Council denies zoning change for senior community
Monday, 19 March 2012 by Matthew Girard
A proposed 80-unit senior living rental community won't be coming to Belton any time in the near future.
During Tuesday night's regularly scheduled City Council meeting, a proposed ordinance to amend the zoning of a 6-acre tract on River Fair Boulevard near the Stoney Brook of Belton Assisted Living Center to allow a higher density population failed to field a motion and didn't pass.
The proposed Manor at River Fair by Prestwick Development Company LLC was an 80-unit facility designed to accommodate older residents (ages 55 and up) with an income between approximately $20,000 and $27,000 as part of the state's Tax-Credit program.
Prestwick, along with the owners of the land were requesting to have the zoning changed from Single Family-2 to an amended Planned Development District. The current Single Family-2 zoning allows one single family, detached home on each lot, which would allow about 30 homes on the 6-acre tract.
Last week, The Planning and Zoning Commission recommended to approve the ordinance 5-3, but several citizens from the surrounding neighborhood raised concerns about the change due to adding more people and traffic to the area.
Although some spoke in favor of the ordnance, citing the need for this type of housing and the addition to the tax roll, the majority of the comments were negative of the proposed change.
A representative of the River Fair Village Towne Home Association said residents were opposed to the change because the increased population density and traffic concerns.
"Based on the zoning, we bought our home there," he said. "Now, what's happening is that you want to re-zone the whole area. Everything that has been planned has been followed up by the city. If you allow this to change, you might have a problem with other communities in Belton."
Council member John Agan, along with five other council members, expressed concerns about putting the rental community in that location.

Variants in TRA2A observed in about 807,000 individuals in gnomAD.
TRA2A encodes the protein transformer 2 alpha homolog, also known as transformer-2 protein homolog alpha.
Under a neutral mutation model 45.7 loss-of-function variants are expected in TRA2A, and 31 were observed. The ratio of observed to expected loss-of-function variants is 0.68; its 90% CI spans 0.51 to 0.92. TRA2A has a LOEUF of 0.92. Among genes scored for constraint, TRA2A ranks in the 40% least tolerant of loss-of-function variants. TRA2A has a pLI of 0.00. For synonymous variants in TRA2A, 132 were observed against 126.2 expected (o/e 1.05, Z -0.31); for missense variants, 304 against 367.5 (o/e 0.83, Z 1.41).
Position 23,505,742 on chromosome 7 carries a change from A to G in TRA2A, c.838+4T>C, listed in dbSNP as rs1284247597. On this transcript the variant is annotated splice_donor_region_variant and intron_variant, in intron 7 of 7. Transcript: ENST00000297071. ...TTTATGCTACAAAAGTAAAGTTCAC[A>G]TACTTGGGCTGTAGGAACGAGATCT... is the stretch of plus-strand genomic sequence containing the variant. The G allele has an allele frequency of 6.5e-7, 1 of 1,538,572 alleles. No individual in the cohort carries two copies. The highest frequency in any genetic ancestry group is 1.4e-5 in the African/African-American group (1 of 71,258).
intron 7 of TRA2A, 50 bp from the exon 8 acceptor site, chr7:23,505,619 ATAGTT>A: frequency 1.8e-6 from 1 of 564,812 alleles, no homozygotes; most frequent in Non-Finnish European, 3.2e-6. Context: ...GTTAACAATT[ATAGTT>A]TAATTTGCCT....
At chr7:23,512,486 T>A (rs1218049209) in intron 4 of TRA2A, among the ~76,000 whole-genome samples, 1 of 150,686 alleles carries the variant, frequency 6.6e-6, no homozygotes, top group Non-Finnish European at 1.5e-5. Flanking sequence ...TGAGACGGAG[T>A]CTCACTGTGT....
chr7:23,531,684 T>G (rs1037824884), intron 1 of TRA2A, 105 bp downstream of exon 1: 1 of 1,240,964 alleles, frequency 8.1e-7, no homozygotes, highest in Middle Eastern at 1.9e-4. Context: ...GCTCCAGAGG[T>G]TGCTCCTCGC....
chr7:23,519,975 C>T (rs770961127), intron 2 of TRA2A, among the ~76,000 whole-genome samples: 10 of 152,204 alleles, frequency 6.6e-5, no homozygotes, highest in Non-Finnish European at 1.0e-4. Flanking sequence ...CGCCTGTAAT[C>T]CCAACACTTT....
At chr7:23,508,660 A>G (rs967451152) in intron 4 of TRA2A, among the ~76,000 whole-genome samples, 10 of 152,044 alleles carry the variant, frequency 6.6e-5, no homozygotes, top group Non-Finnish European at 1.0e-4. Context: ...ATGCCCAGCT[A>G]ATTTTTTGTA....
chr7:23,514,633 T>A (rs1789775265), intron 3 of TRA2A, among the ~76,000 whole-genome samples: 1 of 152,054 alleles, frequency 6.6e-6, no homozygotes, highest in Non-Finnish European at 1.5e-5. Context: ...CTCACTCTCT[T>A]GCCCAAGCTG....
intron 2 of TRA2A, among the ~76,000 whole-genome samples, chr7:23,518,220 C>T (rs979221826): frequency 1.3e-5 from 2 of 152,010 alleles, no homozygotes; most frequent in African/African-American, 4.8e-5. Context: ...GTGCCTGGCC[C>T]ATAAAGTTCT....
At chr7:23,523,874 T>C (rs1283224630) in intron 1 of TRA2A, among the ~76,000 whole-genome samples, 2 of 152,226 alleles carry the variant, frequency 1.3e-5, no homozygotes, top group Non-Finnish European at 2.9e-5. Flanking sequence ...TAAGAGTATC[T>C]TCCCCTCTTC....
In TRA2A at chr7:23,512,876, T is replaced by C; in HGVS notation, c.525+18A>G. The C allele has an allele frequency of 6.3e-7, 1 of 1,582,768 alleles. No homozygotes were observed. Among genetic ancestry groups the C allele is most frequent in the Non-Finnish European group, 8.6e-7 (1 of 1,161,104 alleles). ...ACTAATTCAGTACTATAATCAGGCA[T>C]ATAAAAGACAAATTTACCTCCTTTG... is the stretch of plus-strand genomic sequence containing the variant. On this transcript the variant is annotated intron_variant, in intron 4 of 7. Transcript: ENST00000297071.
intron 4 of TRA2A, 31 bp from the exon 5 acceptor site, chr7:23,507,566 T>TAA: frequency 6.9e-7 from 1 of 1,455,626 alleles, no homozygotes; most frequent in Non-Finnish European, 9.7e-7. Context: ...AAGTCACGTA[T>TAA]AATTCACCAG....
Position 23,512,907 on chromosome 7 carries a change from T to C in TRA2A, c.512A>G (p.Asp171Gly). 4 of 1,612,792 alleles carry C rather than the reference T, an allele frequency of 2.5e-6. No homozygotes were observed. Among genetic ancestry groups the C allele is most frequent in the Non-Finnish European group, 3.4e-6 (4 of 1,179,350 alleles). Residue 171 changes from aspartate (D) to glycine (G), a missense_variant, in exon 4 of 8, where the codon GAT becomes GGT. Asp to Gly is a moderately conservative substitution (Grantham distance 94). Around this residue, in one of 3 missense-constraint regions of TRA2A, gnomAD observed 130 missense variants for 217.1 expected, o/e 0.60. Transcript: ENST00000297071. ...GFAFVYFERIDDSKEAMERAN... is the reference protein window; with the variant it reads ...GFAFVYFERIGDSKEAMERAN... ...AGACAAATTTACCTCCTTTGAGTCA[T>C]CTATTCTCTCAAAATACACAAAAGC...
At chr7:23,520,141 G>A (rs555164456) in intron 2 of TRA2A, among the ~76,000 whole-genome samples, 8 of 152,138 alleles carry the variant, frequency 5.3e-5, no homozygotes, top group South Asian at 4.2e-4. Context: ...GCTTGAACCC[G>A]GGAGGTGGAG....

"Going from 30 to 80 units is a game changer for this development," Agan said. "It's not that this can't be rezoned and not that we don't have the legal right to do it, but I do think that there is an issue on how this was done originally and agreed upon on what made sense at that time. I think what's being proposed here is a significant change to the balance of the area."
After the discussion, Mayor Jim Covington asked for a motion to either approve or deny the ordinance, but no motion was made by any of the council members. Council member David K. Leigh recused himself from the agenda item.
In other business, the council approved the appointment of Francisco Corona as the new Chief of the Belton Fire Department.
The city conducted a national search with a Texas focus, with a team of city staff and Pittman McLenagan Group-developed process which identified core competencies needed for the position.
Corona is a Temple College graduate with an Associate's Degree in Fire Protection, Technology and Business Management. In 2010, he graduated with honors from the University of Phoenix-Austin with a degree in Business Management, and is currently attending TAMU-Central Texas to complete an MBA.
He joined the Temple Fire and Rescue Department in 1981 and has served in a variety of roles since.